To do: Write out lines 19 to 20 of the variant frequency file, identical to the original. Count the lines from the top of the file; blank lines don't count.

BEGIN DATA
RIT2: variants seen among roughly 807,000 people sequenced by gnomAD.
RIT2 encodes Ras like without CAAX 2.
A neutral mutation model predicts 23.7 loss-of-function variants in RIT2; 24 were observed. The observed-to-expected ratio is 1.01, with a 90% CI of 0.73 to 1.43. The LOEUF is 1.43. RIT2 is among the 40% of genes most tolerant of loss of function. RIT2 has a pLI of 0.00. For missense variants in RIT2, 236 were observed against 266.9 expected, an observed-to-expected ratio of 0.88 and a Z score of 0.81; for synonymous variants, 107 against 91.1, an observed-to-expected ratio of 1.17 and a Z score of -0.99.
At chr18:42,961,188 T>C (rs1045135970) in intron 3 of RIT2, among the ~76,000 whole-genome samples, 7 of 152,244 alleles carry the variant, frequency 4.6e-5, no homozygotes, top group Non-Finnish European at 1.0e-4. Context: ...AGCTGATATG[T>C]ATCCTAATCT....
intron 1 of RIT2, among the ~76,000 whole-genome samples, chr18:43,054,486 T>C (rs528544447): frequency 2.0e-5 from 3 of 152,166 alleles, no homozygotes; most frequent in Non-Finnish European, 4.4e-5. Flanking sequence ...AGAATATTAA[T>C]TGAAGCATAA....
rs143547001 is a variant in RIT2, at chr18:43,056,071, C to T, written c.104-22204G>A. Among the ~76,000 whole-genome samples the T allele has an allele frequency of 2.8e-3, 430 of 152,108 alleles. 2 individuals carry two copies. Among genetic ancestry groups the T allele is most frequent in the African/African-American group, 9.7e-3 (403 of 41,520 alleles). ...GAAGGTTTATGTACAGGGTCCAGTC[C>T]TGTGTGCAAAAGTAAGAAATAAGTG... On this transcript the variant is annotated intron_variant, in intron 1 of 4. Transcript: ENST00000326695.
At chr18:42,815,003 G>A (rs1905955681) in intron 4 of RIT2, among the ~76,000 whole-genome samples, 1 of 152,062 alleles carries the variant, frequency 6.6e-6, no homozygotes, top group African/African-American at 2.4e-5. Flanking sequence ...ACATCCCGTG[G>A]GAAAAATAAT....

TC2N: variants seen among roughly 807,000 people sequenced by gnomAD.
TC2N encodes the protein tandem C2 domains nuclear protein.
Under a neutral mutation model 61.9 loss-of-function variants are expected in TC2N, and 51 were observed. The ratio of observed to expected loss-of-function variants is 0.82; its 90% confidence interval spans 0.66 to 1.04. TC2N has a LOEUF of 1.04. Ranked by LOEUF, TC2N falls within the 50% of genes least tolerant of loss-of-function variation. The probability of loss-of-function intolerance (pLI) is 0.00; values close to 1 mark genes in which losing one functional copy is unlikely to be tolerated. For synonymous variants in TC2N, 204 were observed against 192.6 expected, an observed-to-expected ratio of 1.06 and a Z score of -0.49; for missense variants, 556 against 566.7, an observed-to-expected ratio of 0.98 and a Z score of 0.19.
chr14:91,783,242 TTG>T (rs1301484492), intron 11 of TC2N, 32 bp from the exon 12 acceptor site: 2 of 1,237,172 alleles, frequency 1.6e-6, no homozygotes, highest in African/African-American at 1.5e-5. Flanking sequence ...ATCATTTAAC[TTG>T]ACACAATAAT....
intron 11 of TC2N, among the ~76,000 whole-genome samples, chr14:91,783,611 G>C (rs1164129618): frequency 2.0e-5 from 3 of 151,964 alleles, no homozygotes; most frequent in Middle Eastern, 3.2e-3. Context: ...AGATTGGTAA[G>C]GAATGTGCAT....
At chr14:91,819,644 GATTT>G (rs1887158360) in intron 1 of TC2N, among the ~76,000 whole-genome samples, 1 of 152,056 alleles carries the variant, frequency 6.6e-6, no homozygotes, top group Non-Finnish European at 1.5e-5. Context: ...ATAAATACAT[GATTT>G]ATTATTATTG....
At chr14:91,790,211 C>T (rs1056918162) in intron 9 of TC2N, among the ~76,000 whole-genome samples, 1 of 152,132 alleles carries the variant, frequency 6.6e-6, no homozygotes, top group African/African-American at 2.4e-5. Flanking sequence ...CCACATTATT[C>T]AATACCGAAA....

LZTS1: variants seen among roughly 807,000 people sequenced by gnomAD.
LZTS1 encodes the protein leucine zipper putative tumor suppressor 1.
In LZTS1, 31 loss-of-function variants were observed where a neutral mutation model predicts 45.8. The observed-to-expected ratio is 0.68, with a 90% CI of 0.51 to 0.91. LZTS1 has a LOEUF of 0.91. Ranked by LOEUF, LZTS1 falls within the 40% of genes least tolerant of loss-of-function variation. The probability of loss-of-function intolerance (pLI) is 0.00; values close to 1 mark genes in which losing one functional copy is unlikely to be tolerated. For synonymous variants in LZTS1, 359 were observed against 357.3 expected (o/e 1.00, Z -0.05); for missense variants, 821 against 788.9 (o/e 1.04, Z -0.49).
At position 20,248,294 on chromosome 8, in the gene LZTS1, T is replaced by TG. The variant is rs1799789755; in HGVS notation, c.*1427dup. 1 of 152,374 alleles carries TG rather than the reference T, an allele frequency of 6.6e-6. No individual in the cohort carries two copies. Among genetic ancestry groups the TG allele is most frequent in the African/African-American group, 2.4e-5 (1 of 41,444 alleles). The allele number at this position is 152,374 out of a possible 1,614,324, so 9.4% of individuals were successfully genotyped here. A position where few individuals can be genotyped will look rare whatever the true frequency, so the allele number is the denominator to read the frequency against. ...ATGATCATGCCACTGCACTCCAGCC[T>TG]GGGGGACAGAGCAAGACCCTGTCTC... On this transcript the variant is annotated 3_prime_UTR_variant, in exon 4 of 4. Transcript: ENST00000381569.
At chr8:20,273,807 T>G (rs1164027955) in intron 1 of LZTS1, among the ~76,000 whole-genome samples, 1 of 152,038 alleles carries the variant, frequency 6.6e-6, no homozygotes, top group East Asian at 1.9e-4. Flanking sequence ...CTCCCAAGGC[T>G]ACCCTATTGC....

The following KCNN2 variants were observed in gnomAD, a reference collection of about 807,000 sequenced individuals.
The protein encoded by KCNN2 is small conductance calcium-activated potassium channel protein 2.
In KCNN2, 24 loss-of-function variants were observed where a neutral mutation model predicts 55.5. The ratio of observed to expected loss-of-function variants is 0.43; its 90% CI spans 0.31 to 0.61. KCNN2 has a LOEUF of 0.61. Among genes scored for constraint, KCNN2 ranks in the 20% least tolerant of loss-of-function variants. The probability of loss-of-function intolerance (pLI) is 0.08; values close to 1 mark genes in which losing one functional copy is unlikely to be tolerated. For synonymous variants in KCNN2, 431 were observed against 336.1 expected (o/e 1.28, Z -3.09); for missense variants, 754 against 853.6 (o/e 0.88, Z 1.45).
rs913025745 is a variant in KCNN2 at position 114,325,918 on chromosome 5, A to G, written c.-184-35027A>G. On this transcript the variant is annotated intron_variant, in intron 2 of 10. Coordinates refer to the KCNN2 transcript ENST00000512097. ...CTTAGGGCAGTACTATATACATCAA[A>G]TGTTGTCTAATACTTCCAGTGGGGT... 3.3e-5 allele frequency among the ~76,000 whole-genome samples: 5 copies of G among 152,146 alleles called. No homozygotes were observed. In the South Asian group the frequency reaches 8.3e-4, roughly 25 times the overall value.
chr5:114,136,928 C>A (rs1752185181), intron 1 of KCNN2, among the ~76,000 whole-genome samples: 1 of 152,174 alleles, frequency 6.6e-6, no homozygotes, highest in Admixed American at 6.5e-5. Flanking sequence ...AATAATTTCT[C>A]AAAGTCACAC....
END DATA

At chr8:20,273,807 T>G (rs1164027955) in intron 1 of LZTS1, among the ~76,000 whole-genome samples, 1 of 152,038 alleles carries the variant, frequency 6.6e-6, no homozygotes, top group East Asian at 1.9e-4. Flanking sequence ...CTCCCAAGGC[T>G]ACCCTATTGC....

The following KCNN2 variants were observed in gnomAD, a reference collection of about 807,000 sequenced individuals.